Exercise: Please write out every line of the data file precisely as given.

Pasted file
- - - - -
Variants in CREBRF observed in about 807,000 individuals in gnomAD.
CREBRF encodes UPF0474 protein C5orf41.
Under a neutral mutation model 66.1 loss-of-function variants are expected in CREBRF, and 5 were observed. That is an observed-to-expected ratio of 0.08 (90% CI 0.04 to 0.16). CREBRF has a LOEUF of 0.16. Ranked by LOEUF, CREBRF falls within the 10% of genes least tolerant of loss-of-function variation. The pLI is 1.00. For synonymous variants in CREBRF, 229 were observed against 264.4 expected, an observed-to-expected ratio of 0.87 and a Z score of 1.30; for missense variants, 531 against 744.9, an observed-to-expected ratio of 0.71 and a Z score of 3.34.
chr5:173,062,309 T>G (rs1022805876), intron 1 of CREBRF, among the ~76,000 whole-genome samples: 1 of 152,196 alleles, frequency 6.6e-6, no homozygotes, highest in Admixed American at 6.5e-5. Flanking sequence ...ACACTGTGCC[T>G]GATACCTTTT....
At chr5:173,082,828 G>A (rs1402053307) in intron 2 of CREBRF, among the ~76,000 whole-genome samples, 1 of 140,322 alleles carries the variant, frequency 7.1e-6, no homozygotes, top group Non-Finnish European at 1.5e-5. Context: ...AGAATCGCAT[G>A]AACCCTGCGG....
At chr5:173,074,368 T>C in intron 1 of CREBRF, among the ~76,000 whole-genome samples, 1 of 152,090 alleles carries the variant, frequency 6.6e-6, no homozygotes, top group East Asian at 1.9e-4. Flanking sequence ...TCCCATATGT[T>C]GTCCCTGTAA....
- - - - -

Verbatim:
Variants in CREBRF observed in about 807,000 individuals in gnomAD.
CREBRF encodes UPF0474 protein C5orf41.
Under a neutral mutation model 66.1 loss-of-function variants are expected in CREBRF, and 5 were observed. That is an observed-to-expected ratio of 0.08 (90% CI 0.04 to 0.16). CREBRF has a LOEUF of 0.16. Ranked by LOEUF, CREBRF falls within the 10% of genes least tolerant of loss-of-function variation. The pLI is 1.00. For synonymous variants in CREBRF, 229 were observed against 264.4 expected, an observed-to-expected ratio of 0.87 and a Z score of 1.30; for missense variants, 531 against 744.9, an observed-to-expected ratio of 0.71 and a Z score of 3.34.
chr5:173,062,309 T>G (rs1022805876), intron 1 of CREBRF, among the ~76,000 whole-genome samples: 1 of 152,196 alleles, frequency 6.6e-6, no homozygotes, highest in Admixed American at 6.5e-5. Flanking sequence ...ACACTGTGCC[T>G]GATACCTTTT....
At chr5:173,082,828 G>A (rs1402053307) in intron 2 of CREBRF, among the ~76,000 whole-genome samples, 1 of 140,322 alleles carries the variant, frequency 7.1e-6, no homozygotes, top group Non-Finnish European at 1.5e-5. Context: ...AGAATCGCAT[G>A]AACCCTGCGG....
At chr5:173,074,368 T>C in intron 1 of CREBRF, among the ~76,000 whole-genome samples, 1 of 152,090 alleles carries the variant, frequency 6.6e-6, no homozygotes, top group East Asian at 1.9e-4. Flanking sequence ...TCCCATATGT[T>C]GTCCCTGTAA....